If feeding some pollen sub/sup now is a good idea what product do you recommend? A dry product shipped from Brushy Mt would be the cheapest for me. If ingredients were cheap enough and available I'd mix my own but I'm concerned with the freshness.

Any suggestions?
 

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You want queens that have been well fed while they were developing.

If you don't have a flow going, feed the bees to make sure the queens are well fed.

Does the hive have enough bees to take care of queen cells? If your hive is dwindling down to nothing and trying to supercede as a last chance measure, queens raised in weak hives may not be fed well.

Normally, summer queens are fed well and mated well. Queens are usually their best in their second year, so next year these queens should be peaking.
 

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Discussion Starter · #12 ·
Does the hive have enough bees to take care of queen cells? If your hive is dwindling down to nothing and trying to supercede as a last chance measure, queens raised in weak hives may not be fed well.
Yes, there's a lot of bees.. I moved a box with the queen to another stand to have the colony finish filling/capping some honey, and to try to have them raise a queen. I have cells on at least three frames.

I have a second hive that I might remove the queen from and swap out the young, open Carni brood with some Russian eggs and tiny larvae to try for a second set of q-cells.
 

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The quality of queens is most dependant on the food supply. Drones are helpful but drones also follow the food supply. When there is plenty of food there are usually plenty of drones. When there is a dearth there are few drones...
 

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Without trying to sound like a cheerleader... Raising a few queens in your nuc's is fun, and if the bees have already made the queen cell and there's a well grown larva in it most of the work is already done. I love seeing a brand new queen wandering around. In the confines of a nuc she is so much easier to find. Plus, I think Mr. Bush says it, or he quotes something like this "there are not many problems that can't be solved with a nuc".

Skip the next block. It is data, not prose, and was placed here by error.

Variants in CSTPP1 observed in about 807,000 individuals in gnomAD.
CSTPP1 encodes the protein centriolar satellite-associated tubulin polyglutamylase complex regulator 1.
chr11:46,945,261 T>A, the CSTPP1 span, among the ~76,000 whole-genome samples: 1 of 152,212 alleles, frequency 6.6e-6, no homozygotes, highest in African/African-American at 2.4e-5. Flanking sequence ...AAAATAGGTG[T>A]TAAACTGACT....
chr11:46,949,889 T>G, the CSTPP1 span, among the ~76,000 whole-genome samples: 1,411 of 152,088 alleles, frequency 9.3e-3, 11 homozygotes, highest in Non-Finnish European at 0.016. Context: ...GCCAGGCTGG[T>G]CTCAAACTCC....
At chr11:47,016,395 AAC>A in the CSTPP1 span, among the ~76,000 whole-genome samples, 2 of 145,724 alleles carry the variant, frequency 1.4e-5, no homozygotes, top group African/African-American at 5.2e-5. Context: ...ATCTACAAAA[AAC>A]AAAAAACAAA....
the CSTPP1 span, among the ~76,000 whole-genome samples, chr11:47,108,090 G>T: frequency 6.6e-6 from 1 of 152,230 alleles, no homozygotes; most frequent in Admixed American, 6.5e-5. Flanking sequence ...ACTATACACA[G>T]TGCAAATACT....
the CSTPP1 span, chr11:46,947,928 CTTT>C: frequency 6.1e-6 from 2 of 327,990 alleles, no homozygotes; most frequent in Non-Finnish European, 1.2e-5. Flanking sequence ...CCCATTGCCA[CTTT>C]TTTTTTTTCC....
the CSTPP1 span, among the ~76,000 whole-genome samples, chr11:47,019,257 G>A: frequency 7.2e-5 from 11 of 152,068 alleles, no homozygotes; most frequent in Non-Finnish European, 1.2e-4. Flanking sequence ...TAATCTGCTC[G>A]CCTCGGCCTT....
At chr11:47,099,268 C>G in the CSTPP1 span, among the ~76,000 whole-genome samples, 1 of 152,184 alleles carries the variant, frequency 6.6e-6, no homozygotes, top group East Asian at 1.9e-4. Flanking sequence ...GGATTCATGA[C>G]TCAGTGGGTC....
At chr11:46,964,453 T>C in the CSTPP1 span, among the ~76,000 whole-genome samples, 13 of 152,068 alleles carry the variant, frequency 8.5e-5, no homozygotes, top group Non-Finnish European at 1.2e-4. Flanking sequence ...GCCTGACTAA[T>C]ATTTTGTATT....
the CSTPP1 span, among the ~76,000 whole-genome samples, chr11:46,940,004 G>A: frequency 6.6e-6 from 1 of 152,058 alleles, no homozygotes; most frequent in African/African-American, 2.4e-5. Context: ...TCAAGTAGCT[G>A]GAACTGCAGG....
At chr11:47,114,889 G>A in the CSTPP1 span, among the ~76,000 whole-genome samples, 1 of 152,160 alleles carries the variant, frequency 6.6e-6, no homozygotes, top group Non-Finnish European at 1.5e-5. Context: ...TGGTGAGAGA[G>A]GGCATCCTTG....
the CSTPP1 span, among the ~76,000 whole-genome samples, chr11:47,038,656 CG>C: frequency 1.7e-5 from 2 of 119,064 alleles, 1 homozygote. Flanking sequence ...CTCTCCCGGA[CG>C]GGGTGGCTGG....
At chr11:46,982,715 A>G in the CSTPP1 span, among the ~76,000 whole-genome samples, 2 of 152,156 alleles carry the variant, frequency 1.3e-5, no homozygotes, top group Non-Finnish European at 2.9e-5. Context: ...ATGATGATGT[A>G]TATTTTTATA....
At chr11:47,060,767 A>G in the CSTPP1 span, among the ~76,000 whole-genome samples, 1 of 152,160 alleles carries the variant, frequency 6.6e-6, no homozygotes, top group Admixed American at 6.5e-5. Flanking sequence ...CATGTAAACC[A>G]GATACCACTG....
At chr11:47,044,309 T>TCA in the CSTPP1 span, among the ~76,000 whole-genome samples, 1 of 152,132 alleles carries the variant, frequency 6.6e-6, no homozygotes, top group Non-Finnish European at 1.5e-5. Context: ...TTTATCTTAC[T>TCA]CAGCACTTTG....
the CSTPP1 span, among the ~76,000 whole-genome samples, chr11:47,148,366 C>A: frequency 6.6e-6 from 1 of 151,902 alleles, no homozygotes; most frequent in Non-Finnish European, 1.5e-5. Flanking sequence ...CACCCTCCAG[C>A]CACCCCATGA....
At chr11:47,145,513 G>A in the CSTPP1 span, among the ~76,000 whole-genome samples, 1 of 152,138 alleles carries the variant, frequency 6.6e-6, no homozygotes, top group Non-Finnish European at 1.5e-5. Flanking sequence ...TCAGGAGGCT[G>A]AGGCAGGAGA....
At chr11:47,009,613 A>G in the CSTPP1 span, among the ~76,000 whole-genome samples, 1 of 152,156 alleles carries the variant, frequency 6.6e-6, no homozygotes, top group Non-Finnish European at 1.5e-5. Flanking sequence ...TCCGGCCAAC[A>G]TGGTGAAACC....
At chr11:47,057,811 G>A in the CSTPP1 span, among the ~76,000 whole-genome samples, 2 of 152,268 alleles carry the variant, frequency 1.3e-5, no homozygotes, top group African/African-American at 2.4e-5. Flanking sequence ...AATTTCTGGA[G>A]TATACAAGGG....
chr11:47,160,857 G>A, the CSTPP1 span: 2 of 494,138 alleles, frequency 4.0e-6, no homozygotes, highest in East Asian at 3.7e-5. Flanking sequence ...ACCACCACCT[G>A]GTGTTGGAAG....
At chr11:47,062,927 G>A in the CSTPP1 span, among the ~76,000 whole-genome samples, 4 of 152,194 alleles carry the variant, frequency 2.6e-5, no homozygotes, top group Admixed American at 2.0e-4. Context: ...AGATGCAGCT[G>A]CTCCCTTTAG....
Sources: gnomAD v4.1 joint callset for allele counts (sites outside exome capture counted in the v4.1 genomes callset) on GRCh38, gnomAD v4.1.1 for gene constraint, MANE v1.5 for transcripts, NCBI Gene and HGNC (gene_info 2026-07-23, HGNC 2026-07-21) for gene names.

It is also economical. Should you develop queen problems in another hive you are not going to hive to spend $20-30 for a new queen, or drive to get one.
Go for it. Adrian.
 

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Discussion Starter · #15 ·
Update:

Before inspecting the frames in my queen castle, I checked the queenless hive that I had given more eggs and larva to. I was surprised that not a single cell had been built, and I'm wondering if there is a young queen that may have emerged before I arrived last week.

The Queen Castle:

I didn't come across any queens in two of the three compartments, but in the third there was a queen. I was really surprised at how dark she was. She was nearly black.

From what I've seen it's time to get ready for the Fall...